w1800 20180812 Perseides 1 Burst 977

Perseid Meteor at 12.August 2018

The Perseids are a prolific meteor shower associated with the comet Swift–Tuttle. The meteors are called the Perseids because the point from which they appear to hail (called the radiant) lies in the constellation Perseus.
The stream of debris is called the Perseid cloud and stretches along the orbit of the comet Swift–Tuttle. The cloud consists of particles ejected by the comet as it travels on its 133-year orbit. Most of the particles have been part of the cloud for around a thousand years.

The shower is visible with the peak in activity between 9 and 14 August each year, depending on the particular location of the stream. During the peak, the rate of meteors reaches 60 or more per hour. They can be seen all across the sky; however, because of the shower’s radiant in the constellation of Perseus (Dec 03h 04min, RA +58°), the Perseids are primarily visible in the Northern Hemisphere. As with many meteor showers the visible rate is greatest in the pre-dawn hours, since more meteoroids are scooped up by the side of the Earth moving forward into the stream, corresponding to local times between midnight and noon.. While many meteors arrive between dawn and noon, they are usually not visible due to daylight. Some can also be seen before midnight, often grazing the Earth’s atmosphere to produce long bright trails and sometimes fireballs. Most Perseids burn up in the atmosphere while at heights above 80 kilometres.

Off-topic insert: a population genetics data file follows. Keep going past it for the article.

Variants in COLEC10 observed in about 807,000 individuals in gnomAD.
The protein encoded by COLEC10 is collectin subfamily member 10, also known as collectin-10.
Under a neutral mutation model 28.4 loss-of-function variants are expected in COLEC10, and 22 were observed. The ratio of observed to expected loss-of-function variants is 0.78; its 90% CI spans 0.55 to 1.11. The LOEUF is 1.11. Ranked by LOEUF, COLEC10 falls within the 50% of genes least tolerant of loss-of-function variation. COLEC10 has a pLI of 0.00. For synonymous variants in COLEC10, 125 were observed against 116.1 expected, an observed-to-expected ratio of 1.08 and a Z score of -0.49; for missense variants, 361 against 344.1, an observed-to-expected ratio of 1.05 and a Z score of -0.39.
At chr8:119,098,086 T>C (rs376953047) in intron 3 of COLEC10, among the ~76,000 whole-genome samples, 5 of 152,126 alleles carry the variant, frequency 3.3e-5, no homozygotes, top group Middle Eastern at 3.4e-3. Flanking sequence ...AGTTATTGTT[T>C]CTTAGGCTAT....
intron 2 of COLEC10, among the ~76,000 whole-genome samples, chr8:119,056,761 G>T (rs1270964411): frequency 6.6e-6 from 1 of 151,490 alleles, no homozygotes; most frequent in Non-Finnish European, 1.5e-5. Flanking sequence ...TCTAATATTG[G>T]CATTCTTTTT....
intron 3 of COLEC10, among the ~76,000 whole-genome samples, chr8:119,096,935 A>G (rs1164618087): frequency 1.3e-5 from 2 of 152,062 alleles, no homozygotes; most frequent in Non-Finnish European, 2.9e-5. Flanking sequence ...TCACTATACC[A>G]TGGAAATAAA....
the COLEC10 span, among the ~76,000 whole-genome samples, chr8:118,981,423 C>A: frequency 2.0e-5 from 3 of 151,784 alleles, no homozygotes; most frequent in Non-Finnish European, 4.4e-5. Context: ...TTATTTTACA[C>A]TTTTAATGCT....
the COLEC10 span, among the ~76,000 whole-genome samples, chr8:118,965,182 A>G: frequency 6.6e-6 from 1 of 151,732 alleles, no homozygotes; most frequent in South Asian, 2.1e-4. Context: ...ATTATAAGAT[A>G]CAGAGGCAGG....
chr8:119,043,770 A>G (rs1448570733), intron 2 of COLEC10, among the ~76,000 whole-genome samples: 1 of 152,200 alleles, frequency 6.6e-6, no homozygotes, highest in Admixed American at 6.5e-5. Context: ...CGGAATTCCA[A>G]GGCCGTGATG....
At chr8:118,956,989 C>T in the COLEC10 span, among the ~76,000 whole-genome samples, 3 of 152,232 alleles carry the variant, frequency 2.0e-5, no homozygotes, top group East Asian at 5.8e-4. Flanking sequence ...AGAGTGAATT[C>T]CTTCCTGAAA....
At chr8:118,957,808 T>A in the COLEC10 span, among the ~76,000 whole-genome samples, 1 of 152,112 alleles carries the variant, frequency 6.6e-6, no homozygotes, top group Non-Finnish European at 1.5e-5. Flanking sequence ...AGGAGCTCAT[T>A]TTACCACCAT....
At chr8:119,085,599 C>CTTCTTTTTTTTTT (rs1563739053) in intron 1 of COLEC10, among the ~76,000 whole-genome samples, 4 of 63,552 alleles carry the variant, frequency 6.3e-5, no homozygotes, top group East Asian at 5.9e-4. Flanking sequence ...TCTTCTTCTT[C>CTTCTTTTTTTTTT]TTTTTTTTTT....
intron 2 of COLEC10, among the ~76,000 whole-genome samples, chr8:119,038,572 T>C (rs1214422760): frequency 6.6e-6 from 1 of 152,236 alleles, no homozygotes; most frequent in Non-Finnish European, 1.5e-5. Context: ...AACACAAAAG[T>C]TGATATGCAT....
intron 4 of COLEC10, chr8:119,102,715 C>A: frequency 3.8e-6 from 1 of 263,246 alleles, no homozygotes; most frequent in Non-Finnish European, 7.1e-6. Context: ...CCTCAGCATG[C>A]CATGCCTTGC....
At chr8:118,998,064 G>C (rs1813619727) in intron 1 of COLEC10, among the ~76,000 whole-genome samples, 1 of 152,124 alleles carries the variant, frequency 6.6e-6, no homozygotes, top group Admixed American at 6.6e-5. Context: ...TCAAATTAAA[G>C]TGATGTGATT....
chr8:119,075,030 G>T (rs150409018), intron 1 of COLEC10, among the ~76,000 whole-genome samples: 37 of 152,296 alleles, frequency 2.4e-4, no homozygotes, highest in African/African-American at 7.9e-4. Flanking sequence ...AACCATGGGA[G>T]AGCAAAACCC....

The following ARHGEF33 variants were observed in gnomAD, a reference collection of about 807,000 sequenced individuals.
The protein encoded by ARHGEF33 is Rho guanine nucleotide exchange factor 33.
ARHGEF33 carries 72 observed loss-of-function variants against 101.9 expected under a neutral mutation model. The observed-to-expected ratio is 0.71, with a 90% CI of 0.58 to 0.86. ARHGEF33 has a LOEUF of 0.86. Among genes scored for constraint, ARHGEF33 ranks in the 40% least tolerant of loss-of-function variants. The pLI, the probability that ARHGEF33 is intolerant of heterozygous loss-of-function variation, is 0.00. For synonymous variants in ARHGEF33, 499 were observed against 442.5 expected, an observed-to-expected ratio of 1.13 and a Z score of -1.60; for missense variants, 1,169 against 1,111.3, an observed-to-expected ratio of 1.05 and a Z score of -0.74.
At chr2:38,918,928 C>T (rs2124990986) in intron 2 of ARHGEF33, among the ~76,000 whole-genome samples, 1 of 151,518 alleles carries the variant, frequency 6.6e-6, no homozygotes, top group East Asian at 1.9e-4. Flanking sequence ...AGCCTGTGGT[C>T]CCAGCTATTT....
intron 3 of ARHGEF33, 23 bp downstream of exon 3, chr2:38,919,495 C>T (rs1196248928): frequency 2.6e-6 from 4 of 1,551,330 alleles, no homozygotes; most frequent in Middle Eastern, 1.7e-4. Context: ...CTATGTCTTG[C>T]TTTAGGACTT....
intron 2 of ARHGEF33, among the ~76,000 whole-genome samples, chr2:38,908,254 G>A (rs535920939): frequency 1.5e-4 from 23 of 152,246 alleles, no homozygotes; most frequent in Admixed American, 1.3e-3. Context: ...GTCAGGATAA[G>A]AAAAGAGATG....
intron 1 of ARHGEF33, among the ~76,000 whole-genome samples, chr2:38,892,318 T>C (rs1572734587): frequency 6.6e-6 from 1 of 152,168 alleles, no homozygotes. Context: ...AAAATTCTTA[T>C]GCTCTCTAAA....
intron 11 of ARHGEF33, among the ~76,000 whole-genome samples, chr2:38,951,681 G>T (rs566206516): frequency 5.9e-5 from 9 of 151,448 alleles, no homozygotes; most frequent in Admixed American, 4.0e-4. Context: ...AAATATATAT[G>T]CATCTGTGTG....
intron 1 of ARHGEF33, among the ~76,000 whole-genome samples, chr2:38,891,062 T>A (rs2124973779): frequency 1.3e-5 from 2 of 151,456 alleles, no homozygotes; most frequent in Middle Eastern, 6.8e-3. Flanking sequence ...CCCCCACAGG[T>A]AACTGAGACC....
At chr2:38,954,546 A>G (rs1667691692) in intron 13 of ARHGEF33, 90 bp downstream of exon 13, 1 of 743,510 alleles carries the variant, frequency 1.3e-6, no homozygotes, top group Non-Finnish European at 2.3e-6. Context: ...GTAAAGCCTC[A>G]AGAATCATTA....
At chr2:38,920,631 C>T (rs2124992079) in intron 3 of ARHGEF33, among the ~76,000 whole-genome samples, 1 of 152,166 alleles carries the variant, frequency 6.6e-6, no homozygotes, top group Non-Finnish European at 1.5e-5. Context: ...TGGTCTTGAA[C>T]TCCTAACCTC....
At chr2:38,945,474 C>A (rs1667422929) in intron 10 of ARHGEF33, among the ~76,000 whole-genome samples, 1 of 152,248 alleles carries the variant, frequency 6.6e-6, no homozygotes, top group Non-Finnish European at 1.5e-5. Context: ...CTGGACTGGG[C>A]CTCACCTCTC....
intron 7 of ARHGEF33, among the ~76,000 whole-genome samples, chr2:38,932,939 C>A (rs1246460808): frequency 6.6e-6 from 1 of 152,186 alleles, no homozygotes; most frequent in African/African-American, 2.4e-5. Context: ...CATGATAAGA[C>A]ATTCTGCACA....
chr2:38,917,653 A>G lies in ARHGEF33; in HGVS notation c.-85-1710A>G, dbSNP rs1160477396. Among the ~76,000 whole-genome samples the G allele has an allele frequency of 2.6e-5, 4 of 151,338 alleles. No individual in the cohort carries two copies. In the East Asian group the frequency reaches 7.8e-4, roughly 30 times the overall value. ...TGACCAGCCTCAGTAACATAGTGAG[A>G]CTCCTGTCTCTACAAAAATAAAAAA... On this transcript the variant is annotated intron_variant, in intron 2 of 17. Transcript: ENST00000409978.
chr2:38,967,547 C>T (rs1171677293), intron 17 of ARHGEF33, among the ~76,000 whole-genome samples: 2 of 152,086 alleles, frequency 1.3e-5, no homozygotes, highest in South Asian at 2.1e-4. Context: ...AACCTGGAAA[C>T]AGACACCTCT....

ObjectPerseid Meteor
Radiant: DEC 03h 04min, RA +58° Perseus
Apparent in Constellation: Pegasus
Apparent Size: about 22 deg.
Apparent Time: 1.5 sec.
Distance (average) about 80-150km
Photo Datas 
Date 12.08.2018, 22:14 UTC
Location Balcony in Bolsterlang/Germany
Telescope Sony 28mm f/3.5
Camera Sony A7Ra mod @ T sensor= 15°C
Expose frames ISO 3200, RAW 20s
Total expose
20 sec.
Filter no
Mount Meade LXD-75
Guiding Cam no
Software Photoshop CC
Remarks M31-Galaxy in the left corner of photo

C 2018 Peter Cerveny